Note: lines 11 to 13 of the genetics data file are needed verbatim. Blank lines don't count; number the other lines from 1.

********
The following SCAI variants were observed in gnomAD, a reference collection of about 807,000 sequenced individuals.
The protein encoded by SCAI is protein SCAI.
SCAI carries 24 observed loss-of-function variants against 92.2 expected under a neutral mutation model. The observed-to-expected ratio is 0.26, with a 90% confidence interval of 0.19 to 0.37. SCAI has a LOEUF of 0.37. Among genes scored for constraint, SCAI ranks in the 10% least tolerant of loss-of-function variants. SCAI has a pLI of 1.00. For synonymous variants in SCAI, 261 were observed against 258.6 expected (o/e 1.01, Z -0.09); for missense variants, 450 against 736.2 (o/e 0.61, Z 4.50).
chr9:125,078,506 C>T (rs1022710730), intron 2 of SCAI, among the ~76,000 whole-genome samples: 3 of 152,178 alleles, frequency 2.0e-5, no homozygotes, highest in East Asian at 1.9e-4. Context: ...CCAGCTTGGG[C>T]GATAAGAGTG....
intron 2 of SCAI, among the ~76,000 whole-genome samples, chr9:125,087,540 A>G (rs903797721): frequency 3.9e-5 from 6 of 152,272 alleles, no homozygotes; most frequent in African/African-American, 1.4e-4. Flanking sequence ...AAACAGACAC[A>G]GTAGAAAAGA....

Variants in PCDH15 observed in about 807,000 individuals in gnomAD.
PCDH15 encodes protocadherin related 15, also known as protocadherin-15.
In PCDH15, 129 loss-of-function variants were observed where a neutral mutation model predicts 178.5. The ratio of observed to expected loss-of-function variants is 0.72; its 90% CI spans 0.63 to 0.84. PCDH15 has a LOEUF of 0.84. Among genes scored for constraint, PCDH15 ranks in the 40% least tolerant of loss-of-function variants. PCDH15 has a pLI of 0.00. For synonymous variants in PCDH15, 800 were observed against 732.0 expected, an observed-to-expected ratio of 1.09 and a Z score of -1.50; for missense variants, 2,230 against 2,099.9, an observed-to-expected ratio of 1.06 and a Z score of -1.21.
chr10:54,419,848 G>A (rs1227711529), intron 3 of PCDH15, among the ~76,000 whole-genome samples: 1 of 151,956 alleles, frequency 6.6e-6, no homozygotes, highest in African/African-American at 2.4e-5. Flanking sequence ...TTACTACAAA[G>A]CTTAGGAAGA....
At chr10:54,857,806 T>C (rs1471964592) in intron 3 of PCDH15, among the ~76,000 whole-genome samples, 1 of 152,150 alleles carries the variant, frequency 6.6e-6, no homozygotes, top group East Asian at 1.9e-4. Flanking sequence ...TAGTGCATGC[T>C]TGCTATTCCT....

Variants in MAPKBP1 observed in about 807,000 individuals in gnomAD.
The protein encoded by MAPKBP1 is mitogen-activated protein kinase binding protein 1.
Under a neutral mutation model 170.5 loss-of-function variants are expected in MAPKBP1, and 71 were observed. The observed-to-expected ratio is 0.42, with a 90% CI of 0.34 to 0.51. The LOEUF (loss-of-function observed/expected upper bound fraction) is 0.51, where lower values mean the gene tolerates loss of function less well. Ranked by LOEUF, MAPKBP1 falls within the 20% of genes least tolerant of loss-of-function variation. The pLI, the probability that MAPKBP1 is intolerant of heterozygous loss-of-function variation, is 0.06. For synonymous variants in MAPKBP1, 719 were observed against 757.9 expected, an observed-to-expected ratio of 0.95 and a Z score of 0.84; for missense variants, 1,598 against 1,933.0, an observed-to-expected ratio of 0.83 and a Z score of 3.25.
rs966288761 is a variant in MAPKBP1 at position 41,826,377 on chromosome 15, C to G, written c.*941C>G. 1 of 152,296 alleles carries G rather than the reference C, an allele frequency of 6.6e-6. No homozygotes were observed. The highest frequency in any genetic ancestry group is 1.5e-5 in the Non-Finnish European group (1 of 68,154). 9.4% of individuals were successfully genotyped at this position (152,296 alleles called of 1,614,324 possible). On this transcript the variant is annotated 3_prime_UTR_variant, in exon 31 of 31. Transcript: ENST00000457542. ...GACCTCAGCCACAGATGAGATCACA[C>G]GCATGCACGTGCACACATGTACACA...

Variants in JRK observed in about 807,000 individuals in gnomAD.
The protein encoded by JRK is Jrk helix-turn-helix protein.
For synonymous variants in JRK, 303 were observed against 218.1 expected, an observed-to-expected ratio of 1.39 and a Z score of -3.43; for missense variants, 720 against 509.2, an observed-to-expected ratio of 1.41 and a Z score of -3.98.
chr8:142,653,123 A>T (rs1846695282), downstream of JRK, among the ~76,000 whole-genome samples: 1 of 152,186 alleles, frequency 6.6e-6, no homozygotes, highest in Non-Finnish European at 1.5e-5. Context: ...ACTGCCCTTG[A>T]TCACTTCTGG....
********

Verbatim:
Variants in MAPKBP1 observed in about 807,000 individuals in gnomAD.
The protein encoded by MAPKBP1 is mitogen-activated protein kinase binding protein 1.
Under a neutral mutation model 170.5 loss-of-function variants are expected in MAPKBP1, and 71 were observed. The observed-to-expected ratio is 0.42, with a 90% CI of 0.34 to 0.51. The LOEUF (loss-of-function observed/expected upper bound fraction) is 0.51, where lower values mean the gene tolerates loss of function less well. Ranked by LOEUF, MAPKBP1 falls within the 20% of genes least tolerant of loss-of-function variation. The pLI, the probability that MAPKBP1 is intolerant of heterozygous loss-of-function variation, is 0.06. For synonymous variants in MAPKBP1, 719 were observed against 757.9 expected, an observed-to-expected ratio of 0.95 and a Z score of 0.84; for missense variants, 1,598 against 1,933.0, an observed-to-expected ratio of 0.83 and a Z score of 3.25.